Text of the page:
Panic was taking over where shock was giving way. I tried to phone friends in NY and one in Washington who works for the government but all lines were overloaded, jammed. Soon, the towers crumbled, and the feeling of panic and everything just sunk into an indescribable feeling of void, sadness and emptiness. The pictures had clearly shown loads of rescue workers and volunteers scrambling to save thousands of people, many of them didn't have enough chance to make it out to safety. Towards the end of the day, contacts were made, all friends and family I knew who were in these places were safe. Contacts were made later with close friends and family just to say hi and how much we care for and love each other.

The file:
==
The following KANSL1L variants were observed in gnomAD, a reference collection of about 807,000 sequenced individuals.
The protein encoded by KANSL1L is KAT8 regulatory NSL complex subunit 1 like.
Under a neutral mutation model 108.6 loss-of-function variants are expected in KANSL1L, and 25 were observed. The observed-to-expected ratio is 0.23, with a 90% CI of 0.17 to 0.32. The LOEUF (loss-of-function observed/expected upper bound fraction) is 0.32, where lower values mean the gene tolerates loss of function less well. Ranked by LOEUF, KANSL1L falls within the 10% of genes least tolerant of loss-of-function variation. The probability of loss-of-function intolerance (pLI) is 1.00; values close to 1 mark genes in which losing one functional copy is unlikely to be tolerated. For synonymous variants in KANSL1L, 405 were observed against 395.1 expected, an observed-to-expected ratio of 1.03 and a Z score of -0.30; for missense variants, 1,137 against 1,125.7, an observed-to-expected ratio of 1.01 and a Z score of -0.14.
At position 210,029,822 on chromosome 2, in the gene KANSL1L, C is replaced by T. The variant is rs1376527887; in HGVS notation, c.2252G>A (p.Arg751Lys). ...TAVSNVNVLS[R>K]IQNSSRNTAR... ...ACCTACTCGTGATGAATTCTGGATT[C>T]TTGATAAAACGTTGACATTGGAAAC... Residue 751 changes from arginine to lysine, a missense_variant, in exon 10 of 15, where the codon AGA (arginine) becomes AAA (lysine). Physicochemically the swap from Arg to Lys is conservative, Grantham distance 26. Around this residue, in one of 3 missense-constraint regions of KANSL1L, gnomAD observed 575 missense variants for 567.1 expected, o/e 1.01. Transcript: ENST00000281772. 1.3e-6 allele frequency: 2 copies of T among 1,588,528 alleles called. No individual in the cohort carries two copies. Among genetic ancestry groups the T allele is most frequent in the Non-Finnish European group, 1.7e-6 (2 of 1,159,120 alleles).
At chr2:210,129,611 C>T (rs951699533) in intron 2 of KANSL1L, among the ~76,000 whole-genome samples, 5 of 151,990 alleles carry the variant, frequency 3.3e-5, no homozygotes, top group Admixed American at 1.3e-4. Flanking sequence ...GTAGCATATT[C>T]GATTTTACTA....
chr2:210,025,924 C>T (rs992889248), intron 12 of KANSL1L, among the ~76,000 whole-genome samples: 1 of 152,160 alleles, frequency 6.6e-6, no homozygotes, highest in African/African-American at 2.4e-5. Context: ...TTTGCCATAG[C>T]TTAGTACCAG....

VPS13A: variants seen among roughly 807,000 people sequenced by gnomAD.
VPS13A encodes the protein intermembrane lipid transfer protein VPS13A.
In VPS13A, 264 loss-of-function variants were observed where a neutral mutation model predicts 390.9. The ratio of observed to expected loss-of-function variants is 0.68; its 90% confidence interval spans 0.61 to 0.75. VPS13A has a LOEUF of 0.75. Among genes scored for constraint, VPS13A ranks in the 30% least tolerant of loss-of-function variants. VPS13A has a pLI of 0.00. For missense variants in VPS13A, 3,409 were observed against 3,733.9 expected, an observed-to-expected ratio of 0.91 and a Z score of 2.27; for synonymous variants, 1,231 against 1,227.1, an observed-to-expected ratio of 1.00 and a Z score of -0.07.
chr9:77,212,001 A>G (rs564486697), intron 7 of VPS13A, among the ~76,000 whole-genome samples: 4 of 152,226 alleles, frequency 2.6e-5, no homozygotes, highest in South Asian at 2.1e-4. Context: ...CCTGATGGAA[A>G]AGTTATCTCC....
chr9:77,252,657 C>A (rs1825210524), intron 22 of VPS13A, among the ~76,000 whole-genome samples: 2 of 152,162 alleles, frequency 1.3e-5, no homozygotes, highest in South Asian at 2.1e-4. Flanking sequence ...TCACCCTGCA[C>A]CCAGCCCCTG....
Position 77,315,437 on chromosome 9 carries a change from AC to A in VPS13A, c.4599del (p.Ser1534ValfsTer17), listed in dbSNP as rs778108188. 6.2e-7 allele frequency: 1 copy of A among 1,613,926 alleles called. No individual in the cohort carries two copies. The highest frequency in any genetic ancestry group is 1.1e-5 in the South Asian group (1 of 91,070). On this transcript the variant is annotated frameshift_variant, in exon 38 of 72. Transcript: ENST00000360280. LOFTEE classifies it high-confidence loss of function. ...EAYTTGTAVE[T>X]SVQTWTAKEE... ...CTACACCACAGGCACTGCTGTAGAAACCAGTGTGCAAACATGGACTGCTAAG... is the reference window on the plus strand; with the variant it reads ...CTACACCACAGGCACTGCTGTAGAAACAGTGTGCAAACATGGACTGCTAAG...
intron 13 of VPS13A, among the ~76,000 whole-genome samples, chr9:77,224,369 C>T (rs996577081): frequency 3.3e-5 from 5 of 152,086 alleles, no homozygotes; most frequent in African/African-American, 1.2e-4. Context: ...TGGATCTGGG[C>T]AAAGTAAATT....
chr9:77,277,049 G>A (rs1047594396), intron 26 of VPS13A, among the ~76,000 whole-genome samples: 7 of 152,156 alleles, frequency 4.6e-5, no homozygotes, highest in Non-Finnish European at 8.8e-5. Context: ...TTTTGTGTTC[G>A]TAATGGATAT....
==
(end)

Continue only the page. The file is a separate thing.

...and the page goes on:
Over the next few days, the news reports were filled with much sadness and despair. The loss is catastrophic and the amount of love and support shown across the world was comforting in a time of great pain. (Heck, I even cried when the Brits played our national anthem.) However, tensions were high everywhere. From my own personal experience, many people on music-related electronic forums I either read or subscribe to engaged in heated arguments, finger pointing and name calling. If anything, these experiences have reinforced my feelings in the necessity for people to listen and try their hardest to exercise a bit of understanding. This goes for -ALL- sides: I'm hurt, sad and angry when I hear about people spouting their mouths off about killing people of various nations as well as when I hear people automatically assume my government is about to take part in the murder of innocent civilians. I have spoken my mind, but have been accused of being a bully, a stupid yank, intolerable, and siding with the opposing side of whoever I'm disagreeing with. All because I probably have not properly communicated that I wish people would try to be more understanding, considerate and less bigoted. Maybe Greater Than One were really profound when they wrote back in 1988, "Ignorance is the Agent of Fear"; "Fear is the Agent of Violence."